Let's say I have a repeater. Knowing all of the information about antenna height and gain in each direction, as well as power, how can I create a map similar to this map I saw of a repeater in Illinois?

Free options are always better!

  • $\begingroup$ An updated version of Splat! is available via signalserver.okiefrog.org $\endgroup$
    – W5GFE
    Commented Nov 30, 2022 at 3:54
  • $\begingroup$ The link signalserver.okiefrog.org is not a dead site. "Signalserver" is an updated (for multiple-core machines) version of Splat! As the site maintainer, I am concerned that the moderator suggested the site is not accessible. Please give me some details if you are having trouble reaching it. 73 de Bill W5GFE, [email protected] I must admit that I created this stackexchange login only in order to respond to the above post, so it is more than possible that I have in some way reacted poorly to the local custom of response. If so, I apologize to the moderator. Have I misunderstood something $\endgroup$
    – W5GFE
    Commented Dec 1, 2022 at 2:51
  • $\begingroup$ This does not provide an answer to the question. Once you have sufficient reputation you will be able to comment on any post; instead, provide answers that don't require clarification from the asker. - From Review $\endgroup$ Commented Dec 2, 2022 at 6:04

2 Answers 2


Although much of the main page is not written in English, after you login most of the site is and the RMO Repeater coverage map maker is a wonderful and highly customizable tool even for multi-site repeaters.

VA3XPR.Net: Three easy steps to creating RF coverage maps like a pro:

Radio Mobile Online is a radio wave propagation prediction tool created and maintained by Roger Coudé, VE2DBE, which is dedicated for use by the ham radio community. As indicated on the Radio Mobile Online website, it uses digital terrain information and a mathematical model to simulate radio transmissions between two fixed sites or between a fixed site and a mobile. The digital terrain information comprises three databases: ground elevation, land cover, and population density, which combined total 200 GB of information.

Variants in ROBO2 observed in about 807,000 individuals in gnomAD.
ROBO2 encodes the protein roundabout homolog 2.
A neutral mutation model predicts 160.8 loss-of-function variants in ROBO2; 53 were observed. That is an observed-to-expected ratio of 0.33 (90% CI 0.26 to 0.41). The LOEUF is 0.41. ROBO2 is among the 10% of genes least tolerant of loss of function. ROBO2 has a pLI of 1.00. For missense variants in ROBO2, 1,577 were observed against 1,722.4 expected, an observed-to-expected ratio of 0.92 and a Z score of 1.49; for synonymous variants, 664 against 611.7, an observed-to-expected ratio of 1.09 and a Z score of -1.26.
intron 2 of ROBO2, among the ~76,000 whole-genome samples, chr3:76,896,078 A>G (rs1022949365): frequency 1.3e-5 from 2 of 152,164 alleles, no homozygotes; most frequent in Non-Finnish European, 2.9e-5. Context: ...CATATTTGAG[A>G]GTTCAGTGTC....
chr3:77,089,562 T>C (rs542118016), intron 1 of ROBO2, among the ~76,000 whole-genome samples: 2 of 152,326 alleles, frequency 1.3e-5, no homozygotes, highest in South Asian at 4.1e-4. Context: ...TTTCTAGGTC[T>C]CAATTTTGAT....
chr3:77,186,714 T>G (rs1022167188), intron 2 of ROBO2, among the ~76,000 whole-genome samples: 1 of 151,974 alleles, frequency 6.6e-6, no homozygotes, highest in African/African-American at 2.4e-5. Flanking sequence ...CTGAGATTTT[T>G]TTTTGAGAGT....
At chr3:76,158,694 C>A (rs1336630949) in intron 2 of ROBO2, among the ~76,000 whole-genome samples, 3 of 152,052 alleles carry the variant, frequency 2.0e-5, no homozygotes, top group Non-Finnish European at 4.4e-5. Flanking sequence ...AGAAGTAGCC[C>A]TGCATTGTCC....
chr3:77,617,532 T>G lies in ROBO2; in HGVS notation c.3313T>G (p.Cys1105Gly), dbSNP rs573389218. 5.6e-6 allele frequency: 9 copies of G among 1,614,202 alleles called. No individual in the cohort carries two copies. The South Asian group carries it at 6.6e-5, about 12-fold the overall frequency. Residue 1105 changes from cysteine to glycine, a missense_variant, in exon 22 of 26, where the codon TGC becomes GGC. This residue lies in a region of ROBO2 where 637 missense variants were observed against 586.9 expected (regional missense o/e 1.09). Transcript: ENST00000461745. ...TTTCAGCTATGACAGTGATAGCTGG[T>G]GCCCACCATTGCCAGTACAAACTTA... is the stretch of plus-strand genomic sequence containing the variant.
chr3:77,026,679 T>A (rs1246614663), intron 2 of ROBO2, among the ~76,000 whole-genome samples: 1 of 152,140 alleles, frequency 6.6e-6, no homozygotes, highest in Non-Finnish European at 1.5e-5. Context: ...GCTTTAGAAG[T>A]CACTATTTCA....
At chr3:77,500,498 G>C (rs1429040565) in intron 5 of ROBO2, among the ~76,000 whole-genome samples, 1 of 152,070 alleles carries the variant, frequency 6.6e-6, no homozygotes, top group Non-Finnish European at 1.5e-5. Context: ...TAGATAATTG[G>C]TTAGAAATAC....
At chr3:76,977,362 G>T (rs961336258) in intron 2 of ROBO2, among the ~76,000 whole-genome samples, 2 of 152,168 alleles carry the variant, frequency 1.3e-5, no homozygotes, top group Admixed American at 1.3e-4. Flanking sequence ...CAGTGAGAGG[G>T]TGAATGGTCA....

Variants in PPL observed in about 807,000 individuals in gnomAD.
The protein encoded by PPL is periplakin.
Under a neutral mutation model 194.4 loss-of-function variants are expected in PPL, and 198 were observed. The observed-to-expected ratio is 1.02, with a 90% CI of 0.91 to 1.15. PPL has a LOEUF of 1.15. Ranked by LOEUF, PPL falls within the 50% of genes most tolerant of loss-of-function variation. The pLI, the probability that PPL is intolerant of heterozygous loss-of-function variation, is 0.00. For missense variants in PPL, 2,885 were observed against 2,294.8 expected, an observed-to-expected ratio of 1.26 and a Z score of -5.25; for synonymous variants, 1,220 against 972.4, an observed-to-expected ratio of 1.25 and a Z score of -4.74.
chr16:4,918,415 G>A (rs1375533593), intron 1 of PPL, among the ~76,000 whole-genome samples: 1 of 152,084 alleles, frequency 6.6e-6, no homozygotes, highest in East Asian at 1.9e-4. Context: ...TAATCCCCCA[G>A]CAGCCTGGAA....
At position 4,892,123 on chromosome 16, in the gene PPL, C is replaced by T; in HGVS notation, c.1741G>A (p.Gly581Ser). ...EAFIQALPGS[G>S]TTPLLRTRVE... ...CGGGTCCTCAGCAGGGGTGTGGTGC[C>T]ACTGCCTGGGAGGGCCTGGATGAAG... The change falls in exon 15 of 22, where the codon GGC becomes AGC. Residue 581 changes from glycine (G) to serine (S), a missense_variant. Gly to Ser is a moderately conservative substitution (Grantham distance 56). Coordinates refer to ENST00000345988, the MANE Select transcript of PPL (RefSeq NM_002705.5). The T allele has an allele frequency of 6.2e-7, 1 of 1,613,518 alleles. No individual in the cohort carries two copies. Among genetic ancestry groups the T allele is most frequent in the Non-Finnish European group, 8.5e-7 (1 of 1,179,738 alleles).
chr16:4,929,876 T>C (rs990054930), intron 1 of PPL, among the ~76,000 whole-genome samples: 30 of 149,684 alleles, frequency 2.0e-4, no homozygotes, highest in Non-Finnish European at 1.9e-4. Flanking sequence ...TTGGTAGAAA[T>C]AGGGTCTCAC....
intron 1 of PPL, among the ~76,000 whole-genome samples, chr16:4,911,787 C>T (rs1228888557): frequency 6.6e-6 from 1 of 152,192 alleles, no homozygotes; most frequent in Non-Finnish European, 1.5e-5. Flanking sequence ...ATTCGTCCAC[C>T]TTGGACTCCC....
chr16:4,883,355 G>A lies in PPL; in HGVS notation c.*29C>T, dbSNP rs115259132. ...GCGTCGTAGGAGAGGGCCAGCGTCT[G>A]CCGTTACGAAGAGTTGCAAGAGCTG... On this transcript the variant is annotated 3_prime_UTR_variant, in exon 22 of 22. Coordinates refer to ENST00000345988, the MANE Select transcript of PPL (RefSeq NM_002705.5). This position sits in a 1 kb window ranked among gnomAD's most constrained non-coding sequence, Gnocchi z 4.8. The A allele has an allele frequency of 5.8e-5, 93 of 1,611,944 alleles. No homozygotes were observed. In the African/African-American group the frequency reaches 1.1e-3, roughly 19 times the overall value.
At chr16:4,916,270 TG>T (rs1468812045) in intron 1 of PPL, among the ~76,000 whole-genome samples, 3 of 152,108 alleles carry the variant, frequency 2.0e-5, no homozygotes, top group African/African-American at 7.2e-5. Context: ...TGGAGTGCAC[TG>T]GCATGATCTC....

va3xpr example map

To generate an RF coverage map using Radio Mobile Online, all you need to do if follow the three easy steps below.

  1. Create an account with Radio Mobile

Go to the Radio Mobile Online website and create a free account. You can do this by providing your name or callsign and email address. Once you enter this information, you will receive your password to enter the site via the email address you provided during registration.

  1. Plot your transmitter location

Once you have created your account and logged into Radio Mobile Online, you will now seen a menu on items on the left side of the page. Before we can create any RF coverage maps, we first need to define the location of the transmitter that we want to determine coverage for. To do this, simple select the “New Site” option in the menu.

create new site

Create a Site

You will now see a map of the world and a red pin on it. There are two mays to plot your location on map – either by directly entering the latitude and longitude into the fields provided or by iteratively moving the pin on the map and zooming in until you locate the pin on your desired location. You can switch the map to Ssatellite view if you want to see the actual building or tower that you want to set as your transmitter location. Once you have placed the pin at your desired location, click “Submit”

locate pin at tx site

Site map plot

  1. Create a RF coverage map

Once you have defined your transmitter location, it is now time time create a RF coverage map for that location. To do this, select the “New Coverage” option in the menu. You will now see a number of data fields that you’ll need to complete with some already containing default values. An explanation of each of these is below.

Centre Site – this is the location of your transmitter. Select your location using the pull down menu.

Antenna Height – this is the height of your antenna above the ground at that specific location. Please note that this is in metres and if you want to convert your height in feet, divide the value by 3.2808 (i.e. 100 ft = 30.48 m).

Antenna Type – this is the type of antenna that you will be using at the transmitter location. Unless you’ll be using an antenna with an offset gain, you should just use the default omnidirectional, or “Omni” setting.

Antenna Azimuth – this is the direction that your antenna will be pointing, with 0° being north. This value is only important if you are using an antenna with an offset gain value, as it would not have any impact for an omnidirectional antenna.

Antenna Tilt – this is the angle of radiation of your antenna with 0° point towards the horizon. Some antennas have a higher gain value point slightly upwards or downwards, so this setting can be used to address this.

Antenna Gain – this is the amount of gain for your specific antenna. To find out the gain value for your antenna, you may need to check the specifications that are published for it by the manufacturer. Please note that the value for this field is in dBi (isotropic) – if your antenna has a dBd (dipole) value, you can covert dBd to dBi by adding 2.15 dBi (i.e. 5 dBd = 7.15 dBi).

Mobile Antenna Height – this is the height of the receiving antenna on the mobile station that will be used to determine your coverage area. Again, please note that this is in metres and if you want to convert your height in feet, divide the value by 3.2808 (i.e. 10 ft = 3.48 m).